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The new winter garden at Wakehurst

PUBLISHED: 06:10 03 December 2019 | UPDATED: 10:45 04 December 2019

The new winter garden has replaced the former planting on the west side of the Elizabethan mansion

The new winter garden has replaced the former planting on the west side of the Elizabethan mansion

Leigh Clapp

Complete immersion in seasonal beauty is one of the main aims of the new winter garden at Wakehurst, where you will find swathes of stunning plants in a naturalistic landscape

All-weather paths meander through the winter gardenAll-weather paths meander through the winter garden

As winter sets in, the bare bones of the garden are revealed and the beauty of bark and vibrantly coloured stems can create dynamic effects and combinations with other seasonal plants.

Over recent years the potential of the winter garden has been increasingly appreciated for the opportunities it offers to create stunning seasonal pictures. Many of the UK's great estates and public gardens have embraced the trend with dedicated winter garden areas to stroll through for inspiration that we can translate into our home gardens. Wakehurst, one of the most significant botanical gardens in the country, has always been a trailblazer for winter gardens, having one of the first in the UK which was planted in 1986 to the west side of the Elizabethan mansion, in the planting style fashionable at the time.

The process of completely re-doing the winter garden began three years ago when the area was identified as one of 25 different character areas that needed intensifying, decluttering or redefining. Gardens supervisor Francis Annette, who studied at the London College of Garden Design, was charged with coming up with the plan for the new winter garden, which was planted in early 2018 and opened this January. His stunning contemporary design takes inspiration from winter walks on the South Downs with its swathes of plants, creating a real visual impact from quite a limited palette of trees and shrubs. Evoking a sense of wildness and immersion in the emotion and connection to landscape that would then meld into the surrounding areas informed the look and planting choices. It was important to have that sense of cohesion while focusing on plants that star throughout winter by including many plants and trees that were already at Wakehurst.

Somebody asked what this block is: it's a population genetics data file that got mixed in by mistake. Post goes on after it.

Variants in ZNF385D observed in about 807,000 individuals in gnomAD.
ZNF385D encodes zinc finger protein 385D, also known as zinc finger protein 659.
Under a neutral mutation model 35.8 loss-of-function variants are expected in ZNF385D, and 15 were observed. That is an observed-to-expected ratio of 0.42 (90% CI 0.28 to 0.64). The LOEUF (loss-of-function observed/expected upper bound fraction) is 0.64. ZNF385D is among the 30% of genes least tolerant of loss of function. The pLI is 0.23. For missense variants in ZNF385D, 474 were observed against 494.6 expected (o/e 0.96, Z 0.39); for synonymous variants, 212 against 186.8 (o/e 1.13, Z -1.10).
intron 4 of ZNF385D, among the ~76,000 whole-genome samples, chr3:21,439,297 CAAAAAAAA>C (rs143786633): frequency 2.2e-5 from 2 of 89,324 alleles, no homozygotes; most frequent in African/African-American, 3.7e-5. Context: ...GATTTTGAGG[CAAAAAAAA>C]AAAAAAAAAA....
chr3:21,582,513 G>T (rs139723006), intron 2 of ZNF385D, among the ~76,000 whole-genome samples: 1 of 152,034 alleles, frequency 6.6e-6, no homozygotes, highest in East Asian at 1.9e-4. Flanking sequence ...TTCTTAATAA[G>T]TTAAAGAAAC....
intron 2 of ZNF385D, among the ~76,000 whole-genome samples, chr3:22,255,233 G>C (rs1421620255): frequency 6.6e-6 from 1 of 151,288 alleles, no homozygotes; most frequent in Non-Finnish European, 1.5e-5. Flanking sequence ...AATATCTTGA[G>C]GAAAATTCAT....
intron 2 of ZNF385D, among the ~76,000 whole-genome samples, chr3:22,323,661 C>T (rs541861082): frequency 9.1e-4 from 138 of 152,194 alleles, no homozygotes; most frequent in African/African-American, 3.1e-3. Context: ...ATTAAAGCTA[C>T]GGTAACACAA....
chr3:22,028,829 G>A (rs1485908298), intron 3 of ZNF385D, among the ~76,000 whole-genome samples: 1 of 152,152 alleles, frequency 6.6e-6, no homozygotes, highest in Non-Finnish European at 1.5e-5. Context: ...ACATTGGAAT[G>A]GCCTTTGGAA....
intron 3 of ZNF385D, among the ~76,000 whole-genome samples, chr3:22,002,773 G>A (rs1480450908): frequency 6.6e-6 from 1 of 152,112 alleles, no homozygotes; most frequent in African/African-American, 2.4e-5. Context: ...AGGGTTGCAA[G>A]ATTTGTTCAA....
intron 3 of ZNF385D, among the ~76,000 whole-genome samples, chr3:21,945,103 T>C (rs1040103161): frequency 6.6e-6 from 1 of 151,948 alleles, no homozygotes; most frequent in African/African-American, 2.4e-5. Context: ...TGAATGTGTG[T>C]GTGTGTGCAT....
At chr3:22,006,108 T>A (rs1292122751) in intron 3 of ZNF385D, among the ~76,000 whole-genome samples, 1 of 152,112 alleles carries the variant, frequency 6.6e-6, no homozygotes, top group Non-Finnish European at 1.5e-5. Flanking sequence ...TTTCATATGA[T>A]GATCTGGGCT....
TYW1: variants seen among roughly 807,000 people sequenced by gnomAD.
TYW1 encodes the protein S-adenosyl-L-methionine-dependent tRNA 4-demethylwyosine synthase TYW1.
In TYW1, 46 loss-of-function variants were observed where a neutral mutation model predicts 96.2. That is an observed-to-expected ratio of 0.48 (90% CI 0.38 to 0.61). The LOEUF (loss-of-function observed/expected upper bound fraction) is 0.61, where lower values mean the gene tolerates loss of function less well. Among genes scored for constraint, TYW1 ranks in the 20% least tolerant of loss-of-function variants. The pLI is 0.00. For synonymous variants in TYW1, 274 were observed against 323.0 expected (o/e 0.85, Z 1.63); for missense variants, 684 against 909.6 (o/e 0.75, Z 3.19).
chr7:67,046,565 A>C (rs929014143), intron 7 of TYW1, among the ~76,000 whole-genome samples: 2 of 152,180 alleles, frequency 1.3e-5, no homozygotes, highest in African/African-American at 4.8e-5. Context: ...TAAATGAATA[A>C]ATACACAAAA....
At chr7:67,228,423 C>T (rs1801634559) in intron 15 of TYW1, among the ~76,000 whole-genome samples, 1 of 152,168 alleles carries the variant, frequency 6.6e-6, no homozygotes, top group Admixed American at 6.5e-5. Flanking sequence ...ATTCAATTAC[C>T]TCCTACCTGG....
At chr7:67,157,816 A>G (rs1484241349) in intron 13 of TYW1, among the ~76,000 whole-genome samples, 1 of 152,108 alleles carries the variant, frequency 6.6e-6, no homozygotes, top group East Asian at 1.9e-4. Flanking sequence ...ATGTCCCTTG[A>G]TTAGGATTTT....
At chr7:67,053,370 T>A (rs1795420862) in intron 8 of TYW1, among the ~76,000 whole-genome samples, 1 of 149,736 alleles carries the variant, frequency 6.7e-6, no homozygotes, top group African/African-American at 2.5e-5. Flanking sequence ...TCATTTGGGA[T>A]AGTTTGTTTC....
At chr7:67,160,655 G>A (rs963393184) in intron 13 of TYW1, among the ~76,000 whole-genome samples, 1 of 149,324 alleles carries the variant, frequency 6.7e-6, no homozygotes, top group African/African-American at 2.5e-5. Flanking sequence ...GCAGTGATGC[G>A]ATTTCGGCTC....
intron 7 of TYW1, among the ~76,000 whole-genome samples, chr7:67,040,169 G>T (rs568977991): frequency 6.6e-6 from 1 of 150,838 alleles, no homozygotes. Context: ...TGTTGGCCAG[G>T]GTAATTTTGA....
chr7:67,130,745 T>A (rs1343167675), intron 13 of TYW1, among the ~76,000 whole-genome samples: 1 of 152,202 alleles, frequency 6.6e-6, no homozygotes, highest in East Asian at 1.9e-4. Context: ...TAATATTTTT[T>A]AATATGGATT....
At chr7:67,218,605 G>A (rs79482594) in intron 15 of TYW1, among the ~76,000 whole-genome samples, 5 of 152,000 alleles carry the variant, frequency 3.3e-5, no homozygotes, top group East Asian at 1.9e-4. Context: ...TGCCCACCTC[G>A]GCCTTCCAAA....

A pheasant explores the gardenA pheasant explores the garden

Some 33,000 plants have been used to great effect and entice the visitor to immerse themselves in the beauty of winter. Whether you visit on a bright, sunny day or when the light is muted you will find inspiration for the potential of creating a winter corner in your own garden. Colour, scent and shape is in evidence across the composition from choices such as massed vibrant cornus stems, fragrant daphne blooms and the stark white beauty of 30 mature silver birches interspersed with gleaming copper Prunus serrula which form the framework that links the design together. Repetition is key, with wafting grasses, textural heathers, carpets of snowdrops and groups of witch hazels reinforcing the look.

Intersecting and connecting the eight large, curvaceous beds are architectural focal points of 45 clipped buxus spheres, which also provide an evergreen foil. Low sunlight sets the scene ablaze as it intensifies the colours of bare stems, while all-weather paths snake their way throughout the garden allowing for close-up inspection.

Do take time to sit on the contemporary carved benches where you will feel cocooned in the atmospheric landscape. Wrap up warm and explore the possibilities of the winter season.

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